Boil-water notice for Honokohau Valley residents posted

About 50 to 60 people on 13 water meters in Honokohau Valley were advised Tuesday by the county Department of Water Supply to boil their water before drinking and other uses, such as cooking or brushing their teeth, due to possible E. coli bacterial contamination.

The potential contamination, which showed up in a regular water sample test, is limited to the valley, county spokesman Rod Antone said Tuesday. The system is not connected to any other areas.

The water comes from a Kapalua Water Co. well and is a groundwater system, said Jan Inouye-Ogata, water department administrative officer, on Tuesday.

There have been no reports of health issues related to the contamination, Antone said. E. coli is found in waste of warm-blooded animals, and its presence indicates that the water may be contaminated with human or animal wastes, Inouye-Ogata and Antone said. Microbes in these wastes can cause diarrhea, cramps, nausea, headaches or other symptoms and may pose a special health risk for infants, young children, and people with severely compromised immune systems, Inouye-Ogata said.

The department does not know the cause of the contamination and is investigating, she said. The source and system will be retested, and the problem could be the result of a sampling error, Antone said. However, if the bacteria shows up again in the testing, the department will trace the contamination to the source.

“We cannot speculate as to what may, or may not have happened,” Antone said.

An E. coli contamination has not occurred in the Honokohau Valley system before, Antone said. Possible causes of bacterial contamination include increased runoff entering a drinking water source, such as during heavy rain; a break in a waterline or a problem in the water treatment process, Inouye-Ogata said.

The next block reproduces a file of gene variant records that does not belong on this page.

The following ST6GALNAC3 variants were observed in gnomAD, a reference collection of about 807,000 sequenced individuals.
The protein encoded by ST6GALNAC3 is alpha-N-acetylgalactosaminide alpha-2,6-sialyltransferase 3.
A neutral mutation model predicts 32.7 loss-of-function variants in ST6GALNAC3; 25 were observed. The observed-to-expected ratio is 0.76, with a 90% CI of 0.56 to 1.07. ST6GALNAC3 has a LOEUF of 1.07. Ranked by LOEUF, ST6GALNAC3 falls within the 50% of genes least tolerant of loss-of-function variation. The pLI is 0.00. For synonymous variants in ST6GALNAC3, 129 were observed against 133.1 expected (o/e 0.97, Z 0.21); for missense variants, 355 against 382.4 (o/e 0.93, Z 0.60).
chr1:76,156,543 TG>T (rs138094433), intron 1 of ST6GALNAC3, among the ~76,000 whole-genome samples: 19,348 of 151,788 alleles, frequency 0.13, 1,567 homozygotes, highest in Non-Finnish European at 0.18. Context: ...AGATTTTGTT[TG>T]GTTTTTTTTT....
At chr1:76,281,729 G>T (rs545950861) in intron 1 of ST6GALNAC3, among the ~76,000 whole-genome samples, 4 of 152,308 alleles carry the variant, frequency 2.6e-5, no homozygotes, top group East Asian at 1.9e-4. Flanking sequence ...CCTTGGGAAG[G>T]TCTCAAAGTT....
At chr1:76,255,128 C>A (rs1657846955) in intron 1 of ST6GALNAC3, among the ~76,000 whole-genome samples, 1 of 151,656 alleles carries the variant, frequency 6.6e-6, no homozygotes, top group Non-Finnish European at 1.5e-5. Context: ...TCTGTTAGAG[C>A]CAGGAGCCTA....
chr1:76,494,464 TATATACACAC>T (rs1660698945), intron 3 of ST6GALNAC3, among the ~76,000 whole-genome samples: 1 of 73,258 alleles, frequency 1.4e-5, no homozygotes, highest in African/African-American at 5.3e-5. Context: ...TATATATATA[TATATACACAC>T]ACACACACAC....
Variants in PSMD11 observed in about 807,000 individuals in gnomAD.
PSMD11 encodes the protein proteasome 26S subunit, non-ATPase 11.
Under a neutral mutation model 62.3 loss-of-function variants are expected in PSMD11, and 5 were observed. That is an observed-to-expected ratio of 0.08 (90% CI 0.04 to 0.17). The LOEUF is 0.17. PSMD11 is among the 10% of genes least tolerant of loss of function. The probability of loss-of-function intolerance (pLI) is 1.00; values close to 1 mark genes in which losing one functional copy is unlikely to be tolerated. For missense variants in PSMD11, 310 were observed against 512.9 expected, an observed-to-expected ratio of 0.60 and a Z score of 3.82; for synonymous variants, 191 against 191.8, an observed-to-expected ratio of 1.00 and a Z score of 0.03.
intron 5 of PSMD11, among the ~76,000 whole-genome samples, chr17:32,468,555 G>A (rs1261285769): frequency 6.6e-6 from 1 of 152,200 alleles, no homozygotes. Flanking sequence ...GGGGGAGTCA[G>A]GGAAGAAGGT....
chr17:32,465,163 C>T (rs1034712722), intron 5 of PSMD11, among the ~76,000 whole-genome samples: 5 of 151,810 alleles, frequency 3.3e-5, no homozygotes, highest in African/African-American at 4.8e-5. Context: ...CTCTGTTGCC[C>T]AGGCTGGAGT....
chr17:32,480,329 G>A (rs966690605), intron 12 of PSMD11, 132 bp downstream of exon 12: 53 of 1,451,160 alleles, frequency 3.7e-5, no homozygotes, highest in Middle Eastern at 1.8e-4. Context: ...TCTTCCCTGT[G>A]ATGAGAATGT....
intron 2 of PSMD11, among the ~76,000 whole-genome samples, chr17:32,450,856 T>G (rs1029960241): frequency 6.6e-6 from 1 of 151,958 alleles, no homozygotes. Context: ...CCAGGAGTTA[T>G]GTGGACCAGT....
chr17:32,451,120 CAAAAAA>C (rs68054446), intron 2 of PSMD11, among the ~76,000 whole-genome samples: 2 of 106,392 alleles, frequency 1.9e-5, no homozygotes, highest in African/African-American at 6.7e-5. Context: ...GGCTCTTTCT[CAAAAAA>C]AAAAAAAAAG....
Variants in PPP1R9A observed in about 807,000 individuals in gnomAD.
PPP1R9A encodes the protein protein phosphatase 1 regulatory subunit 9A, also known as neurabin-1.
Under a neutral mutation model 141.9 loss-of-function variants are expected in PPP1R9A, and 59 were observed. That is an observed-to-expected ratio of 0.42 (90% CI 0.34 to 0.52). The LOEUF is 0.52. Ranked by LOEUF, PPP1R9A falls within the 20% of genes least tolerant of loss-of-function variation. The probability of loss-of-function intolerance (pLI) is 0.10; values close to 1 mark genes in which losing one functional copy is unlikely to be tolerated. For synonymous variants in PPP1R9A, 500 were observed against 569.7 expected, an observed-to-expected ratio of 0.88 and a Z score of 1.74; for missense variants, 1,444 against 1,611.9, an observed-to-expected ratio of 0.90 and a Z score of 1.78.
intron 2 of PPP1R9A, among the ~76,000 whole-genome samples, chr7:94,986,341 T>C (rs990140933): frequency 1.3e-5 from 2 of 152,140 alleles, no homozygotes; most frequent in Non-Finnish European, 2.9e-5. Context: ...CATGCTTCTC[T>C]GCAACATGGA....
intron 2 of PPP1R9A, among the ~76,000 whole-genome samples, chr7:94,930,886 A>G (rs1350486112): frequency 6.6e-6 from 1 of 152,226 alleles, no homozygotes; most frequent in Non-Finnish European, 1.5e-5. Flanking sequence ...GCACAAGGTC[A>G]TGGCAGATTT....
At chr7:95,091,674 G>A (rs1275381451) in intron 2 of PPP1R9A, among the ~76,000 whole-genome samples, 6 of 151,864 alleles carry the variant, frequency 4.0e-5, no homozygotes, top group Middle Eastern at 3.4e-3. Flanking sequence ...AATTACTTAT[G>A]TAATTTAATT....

She said that the department is increasing the chlorine levels while it looks for the source of the contamination, discovered during the second to two monthly tests of the system. The department hopes to have the problem resolved within the next two days.

In the meantime, the department has posted a boil-water advisory, Inouye-Ogata said. Residents should boil drinking water for 1 minute and let it cool before consuming it or use bottled water. Boiling water as instructed will kill bacteria and other organisms that may be present in the water.

Boiled or bottled water should be used for drinking, making ice, brushing teeth, washing dishes and food preparation until further notice, Inouye-Ogata said.

A potable water tanker will be parked on Honokohau Valley Road for residents, she said.

For more information or to report a water-related problem, call the department’s 24-hour hotline at 270-7633.

General guidelines on ways to lessen the risk of infection by microbes are available by calling the Environmental Protection Agency Safe Drinking Water Hotline at (800) 426-4791.

Department officials were hand-delivering boil water notices to residents in the remote area and asking residents to pass the word.